It’s only natural that anyone wondering about how to become a gestational surrogate may have questions about what they can and cannot consume and how much.
Since gestational surrogates need to have given birth successfully at least once and have a child at home, you have thoughts on the subject. Even so, here at Global Surrogacy Services, we believe that knowledge is power. We don’t have many surprises but we do have plenty of detailed information.
As a prospective gestational surrogate, you’ve had at least one successful pregnancy. You know that food cravings while pregnant are a very real phenomenon and you hopefully already have some ability to listen to your body. You likely have also been counseled before on proper nutrition during pregnancy.
Even so, being a gestational surrogate is different from having a child of your own. Depending on how long it’s been since your last pregnancy, you may have questions about which foods you should be emphasizing and which you should minimize. These are good questions to ask because, while you will be taking a special pregnancy supplement, it’s always best to obtain as much of your nutrition as possible directly from food.
If you are considering becoming a gestational surrogate, congratulations! One of the best things one human being can do for other people is to help them make their dreams of parenthood come true; it takes a special type. At the same time, being a surrogate is a serious task – it’s essential to be emotionally and mentally prepared.
If you are considering becoming a gestational surrogate, you may know that one of the primary surrogate mother requirements is that you must already have given birth without complications and have one child at home. One important reason for this rule is so gestational surrogates have a clear idea of what to expect as they carry a baby to term. At the same time, if this is your first time as a gestational surrogate, there is one part of the process you won’t have experienced previously.
Women from all walks of life become gestational surrogates. Even so, a very large number of women from the military community have provided the gift of life for hopeful intended parents. In fact, it’s been reported that even though military servicemembers make up less than 1% of the U.S. population, 15-20% of the nation’s surrogates are military wives.
Why Military Wives Make Great Gestational Surrogates
Knowing servicemembers’ strong values and commitment to their families and country, it’s no surprise military wives make outstanding surrogates. There are many reasons, including the following:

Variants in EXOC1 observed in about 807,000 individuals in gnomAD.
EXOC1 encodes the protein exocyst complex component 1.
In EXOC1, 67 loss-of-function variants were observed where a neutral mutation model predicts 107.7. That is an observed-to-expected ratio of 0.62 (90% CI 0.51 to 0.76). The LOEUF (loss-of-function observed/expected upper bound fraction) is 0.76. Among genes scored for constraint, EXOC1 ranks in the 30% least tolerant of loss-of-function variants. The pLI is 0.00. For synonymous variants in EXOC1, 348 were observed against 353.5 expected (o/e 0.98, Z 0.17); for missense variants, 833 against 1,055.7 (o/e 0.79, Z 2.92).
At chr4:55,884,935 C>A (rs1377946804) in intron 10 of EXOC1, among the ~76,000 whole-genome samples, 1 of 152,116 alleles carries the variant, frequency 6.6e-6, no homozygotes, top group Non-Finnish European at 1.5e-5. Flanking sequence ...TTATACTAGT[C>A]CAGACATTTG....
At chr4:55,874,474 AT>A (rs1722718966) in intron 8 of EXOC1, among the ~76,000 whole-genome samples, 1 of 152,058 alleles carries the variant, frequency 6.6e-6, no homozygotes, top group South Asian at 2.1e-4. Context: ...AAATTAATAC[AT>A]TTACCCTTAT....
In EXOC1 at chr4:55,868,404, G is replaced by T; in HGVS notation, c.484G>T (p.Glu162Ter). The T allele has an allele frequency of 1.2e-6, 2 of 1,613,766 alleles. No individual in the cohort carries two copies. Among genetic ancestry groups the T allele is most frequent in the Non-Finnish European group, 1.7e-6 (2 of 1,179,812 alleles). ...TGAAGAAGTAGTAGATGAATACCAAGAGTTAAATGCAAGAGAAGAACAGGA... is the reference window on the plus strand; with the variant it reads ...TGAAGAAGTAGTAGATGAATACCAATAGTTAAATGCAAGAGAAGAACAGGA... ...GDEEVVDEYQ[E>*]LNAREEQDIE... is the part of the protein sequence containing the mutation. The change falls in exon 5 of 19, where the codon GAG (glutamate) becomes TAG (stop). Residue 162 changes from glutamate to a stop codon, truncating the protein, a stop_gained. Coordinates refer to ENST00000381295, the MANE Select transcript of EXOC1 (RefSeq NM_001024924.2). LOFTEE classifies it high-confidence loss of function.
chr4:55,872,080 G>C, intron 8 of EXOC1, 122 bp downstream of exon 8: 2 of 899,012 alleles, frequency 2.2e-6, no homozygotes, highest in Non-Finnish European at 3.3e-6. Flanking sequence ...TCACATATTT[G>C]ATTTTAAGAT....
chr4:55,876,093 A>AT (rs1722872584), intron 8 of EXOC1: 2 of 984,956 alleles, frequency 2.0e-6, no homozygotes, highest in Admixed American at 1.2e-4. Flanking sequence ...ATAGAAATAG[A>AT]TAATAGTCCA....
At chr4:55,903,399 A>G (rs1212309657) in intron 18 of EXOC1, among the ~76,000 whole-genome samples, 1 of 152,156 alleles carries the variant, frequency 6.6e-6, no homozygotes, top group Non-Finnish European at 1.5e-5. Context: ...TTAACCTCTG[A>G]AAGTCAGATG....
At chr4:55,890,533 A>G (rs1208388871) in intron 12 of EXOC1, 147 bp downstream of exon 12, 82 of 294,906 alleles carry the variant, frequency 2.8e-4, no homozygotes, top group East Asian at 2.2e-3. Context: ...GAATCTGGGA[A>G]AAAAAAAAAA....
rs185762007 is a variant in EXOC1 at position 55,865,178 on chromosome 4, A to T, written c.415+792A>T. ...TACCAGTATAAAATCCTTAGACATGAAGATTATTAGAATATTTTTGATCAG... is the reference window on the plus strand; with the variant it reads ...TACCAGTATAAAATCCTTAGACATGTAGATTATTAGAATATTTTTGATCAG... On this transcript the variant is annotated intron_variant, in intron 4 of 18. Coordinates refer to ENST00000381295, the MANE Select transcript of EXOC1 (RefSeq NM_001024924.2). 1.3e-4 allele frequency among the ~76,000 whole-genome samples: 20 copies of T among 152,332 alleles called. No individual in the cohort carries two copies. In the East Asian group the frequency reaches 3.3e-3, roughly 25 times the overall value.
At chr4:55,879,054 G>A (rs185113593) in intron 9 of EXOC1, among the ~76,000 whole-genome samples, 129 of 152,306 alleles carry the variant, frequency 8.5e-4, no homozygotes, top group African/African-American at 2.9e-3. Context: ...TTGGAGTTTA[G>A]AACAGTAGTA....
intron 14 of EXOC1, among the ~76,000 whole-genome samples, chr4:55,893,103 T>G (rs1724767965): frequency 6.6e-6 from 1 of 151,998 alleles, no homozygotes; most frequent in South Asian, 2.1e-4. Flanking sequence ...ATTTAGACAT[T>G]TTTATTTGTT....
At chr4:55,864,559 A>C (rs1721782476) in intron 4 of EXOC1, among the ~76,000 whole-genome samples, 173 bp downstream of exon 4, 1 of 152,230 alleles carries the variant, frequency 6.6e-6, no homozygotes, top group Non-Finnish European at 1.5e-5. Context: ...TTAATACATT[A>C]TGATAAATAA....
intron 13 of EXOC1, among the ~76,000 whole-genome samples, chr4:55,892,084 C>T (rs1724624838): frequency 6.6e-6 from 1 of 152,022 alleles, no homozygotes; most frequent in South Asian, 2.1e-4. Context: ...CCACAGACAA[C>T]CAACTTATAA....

For women considering becoming gestational surrogates or who may be already starting on the process, the thought of becoming ill from a virus can be frightening. These are nervous times and pregnancy is a vulnerable time. While new viruses are more difficult to fight, there are several steps all pregnant women can take to protect themselves and their little ones.
Currently, the best available first line of defense for the flu – still by far the most prevalent potentially dangerous virus – is to get an influenza flu vaccine. The Centers for Disease Control and Prevention (CDC) recommends pregnant women get the flu shot if they have not already as they are more likely to get sick. The CDC says that it is safe for pregnant women to receive the vaccine at any point during the pregnancy. Even though there are two types of flu vaccine, the flu shot, and nasal spray, the CDC only recommends the shot as effective for individuals who are pregnant. By receiving the vaccine, pregnant women reduce their chances of becoming severely ill as well as protecting the baby’s health in the first few months following birth before the young ones can get vaccinated themselves.
One of the most important requirements of becoming a surrogate is you must have already given birth and have a child at home. Why is that? There are two main reasons for the requirement. Each surrogate needs an established record of fertility and a history of an uncomplicated pregnancy for purposes of safety. Having a child at home is beneficial in terms of ensuring a pleasant experience for surrogates as well as the intended parents and child.
Physically, it is much safer for the surrogate to have already given birth because it shows that her body is properly adapted to the process. Psychologically, a woman who has previously given birth is familiar with the process and mentally prepared for the physical changes that will occur. Just like anything else, giving birth becomes easier with experience.
So, why does a surrogate need to currently have a child at home? First of all, this establishes that the surrogate is stable and has the right kind of life experience. If you can be a good mom, you can do just about anything! Also, a surrogate must protect and care for the child she carries while also being comfortable once the process is complete and the child goes home with the intended family. Having at least one child at home may make that easier.
Most of us know vitamin D as the sunshine vitamin, created when your skin responds to sunlight and also as a nutrient in certain foods. It’s important in human health for a number of reasons, but why is vitamin D in pregnancy so important and why is supplementation usually called for? Well, vitamin D is an integral component in your immune system, regulates the absorption of calcium and phosphorus connected to the normal growth of bones and teeth, and it can reduce even help with depression. Even though vitamin D is produced naturally when your skin is directly exposed to light and can be found in food sources such as fatty fish (salmon, sardines, etc.) egg yolks, shrimp, and fortified milk, cereal, yogurt, and orange juice, even non-pregnant people with highly varied diets often need to supplement.